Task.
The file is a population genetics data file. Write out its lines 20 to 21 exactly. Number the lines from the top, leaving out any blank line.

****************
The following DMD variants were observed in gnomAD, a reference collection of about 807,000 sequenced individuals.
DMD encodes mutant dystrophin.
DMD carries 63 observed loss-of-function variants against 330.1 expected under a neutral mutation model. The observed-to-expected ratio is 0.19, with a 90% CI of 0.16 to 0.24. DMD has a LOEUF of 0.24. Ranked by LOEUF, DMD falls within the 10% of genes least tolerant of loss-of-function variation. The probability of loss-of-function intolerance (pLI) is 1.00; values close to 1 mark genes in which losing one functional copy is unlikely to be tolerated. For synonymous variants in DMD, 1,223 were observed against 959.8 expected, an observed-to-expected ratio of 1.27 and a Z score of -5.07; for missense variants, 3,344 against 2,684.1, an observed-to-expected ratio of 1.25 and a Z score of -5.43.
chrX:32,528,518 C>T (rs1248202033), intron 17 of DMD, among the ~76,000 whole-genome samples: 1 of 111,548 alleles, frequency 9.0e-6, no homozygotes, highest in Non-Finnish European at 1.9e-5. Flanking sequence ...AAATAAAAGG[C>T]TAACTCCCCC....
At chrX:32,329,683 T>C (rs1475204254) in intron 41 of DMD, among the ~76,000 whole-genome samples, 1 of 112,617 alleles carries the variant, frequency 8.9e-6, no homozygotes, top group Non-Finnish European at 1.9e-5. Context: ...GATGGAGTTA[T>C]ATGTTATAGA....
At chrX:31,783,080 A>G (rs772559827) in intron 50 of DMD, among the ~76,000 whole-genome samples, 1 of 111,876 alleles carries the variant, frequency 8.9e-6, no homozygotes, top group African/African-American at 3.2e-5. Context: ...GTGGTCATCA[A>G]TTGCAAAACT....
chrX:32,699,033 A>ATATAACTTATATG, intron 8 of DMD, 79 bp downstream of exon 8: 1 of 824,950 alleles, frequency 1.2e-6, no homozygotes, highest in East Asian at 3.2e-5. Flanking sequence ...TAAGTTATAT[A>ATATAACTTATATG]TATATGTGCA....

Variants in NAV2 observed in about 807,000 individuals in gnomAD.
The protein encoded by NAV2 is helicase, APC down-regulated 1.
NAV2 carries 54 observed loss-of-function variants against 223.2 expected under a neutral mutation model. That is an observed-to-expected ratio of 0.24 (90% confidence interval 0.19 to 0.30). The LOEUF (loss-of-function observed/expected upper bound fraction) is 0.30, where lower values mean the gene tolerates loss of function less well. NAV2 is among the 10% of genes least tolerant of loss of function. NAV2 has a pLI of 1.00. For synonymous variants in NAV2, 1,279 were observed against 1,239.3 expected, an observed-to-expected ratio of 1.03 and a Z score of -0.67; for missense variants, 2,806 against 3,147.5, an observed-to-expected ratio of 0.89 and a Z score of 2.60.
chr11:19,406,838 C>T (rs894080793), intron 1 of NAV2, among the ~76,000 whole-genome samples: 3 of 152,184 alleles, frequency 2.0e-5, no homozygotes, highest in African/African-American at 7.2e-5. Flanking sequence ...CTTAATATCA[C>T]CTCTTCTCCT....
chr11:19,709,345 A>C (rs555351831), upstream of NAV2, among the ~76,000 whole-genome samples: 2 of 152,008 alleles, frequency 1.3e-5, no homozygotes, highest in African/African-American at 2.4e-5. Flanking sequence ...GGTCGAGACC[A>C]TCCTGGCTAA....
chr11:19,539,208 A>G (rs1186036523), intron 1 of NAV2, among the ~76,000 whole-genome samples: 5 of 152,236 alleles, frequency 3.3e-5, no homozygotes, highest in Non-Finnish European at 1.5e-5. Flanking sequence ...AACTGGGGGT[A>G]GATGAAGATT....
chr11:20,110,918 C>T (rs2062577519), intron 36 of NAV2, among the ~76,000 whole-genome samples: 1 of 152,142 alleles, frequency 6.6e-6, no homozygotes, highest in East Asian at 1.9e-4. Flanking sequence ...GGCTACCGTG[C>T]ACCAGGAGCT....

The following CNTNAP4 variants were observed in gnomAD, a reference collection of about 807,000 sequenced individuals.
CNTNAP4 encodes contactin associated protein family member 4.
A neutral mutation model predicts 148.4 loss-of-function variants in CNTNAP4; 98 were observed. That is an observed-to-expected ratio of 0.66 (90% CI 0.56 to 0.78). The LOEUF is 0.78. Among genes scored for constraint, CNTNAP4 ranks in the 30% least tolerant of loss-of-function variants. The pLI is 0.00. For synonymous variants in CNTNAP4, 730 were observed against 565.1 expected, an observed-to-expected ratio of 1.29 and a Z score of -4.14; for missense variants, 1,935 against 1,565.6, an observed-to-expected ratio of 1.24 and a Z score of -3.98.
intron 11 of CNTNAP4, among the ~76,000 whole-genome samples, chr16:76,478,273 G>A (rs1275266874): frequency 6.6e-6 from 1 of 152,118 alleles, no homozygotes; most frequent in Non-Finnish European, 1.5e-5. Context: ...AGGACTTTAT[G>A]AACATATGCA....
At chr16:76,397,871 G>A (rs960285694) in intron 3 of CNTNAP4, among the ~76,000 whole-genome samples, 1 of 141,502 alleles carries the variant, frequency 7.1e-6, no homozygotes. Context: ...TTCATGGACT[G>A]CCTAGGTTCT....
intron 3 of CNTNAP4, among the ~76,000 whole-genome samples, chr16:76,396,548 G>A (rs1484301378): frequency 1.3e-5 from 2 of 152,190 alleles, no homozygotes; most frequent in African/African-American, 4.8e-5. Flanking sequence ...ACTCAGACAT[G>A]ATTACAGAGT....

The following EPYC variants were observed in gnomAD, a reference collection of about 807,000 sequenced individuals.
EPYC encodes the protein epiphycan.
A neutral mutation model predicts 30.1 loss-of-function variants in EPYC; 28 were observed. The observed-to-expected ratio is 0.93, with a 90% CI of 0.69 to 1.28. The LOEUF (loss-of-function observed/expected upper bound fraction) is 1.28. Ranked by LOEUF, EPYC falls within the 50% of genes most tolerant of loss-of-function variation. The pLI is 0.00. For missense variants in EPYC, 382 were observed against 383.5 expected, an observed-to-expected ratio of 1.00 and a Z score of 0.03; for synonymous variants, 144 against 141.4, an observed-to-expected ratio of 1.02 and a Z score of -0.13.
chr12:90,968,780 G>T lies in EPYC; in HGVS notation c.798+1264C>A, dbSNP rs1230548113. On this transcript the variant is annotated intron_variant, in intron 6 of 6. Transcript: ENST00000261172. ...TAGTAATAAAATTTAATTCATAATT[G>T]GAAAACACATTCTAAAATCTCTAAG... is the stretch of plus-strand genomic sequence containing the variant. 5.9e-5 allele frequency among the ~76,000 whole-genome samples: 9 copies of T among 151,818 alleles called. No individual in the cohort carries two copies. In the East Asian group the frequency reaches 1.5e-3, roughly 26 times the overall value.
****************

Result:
intron 3 of CNTNAP4, among the ~76,000 whole-genome samples, chr16:76,396,548 G>A (rs1484301378): frequency 1.3e-5 from 2 of 152,190 alleles, no homozygotes; most frequent in African/African-American, 4.8e-5. Flanking sequence ...ACTCAGACAT[G>A]ATTACAGAGT....

The following EPYC variants were observed in gnomAD, a reference collection of about 807,000 sequenced individuals.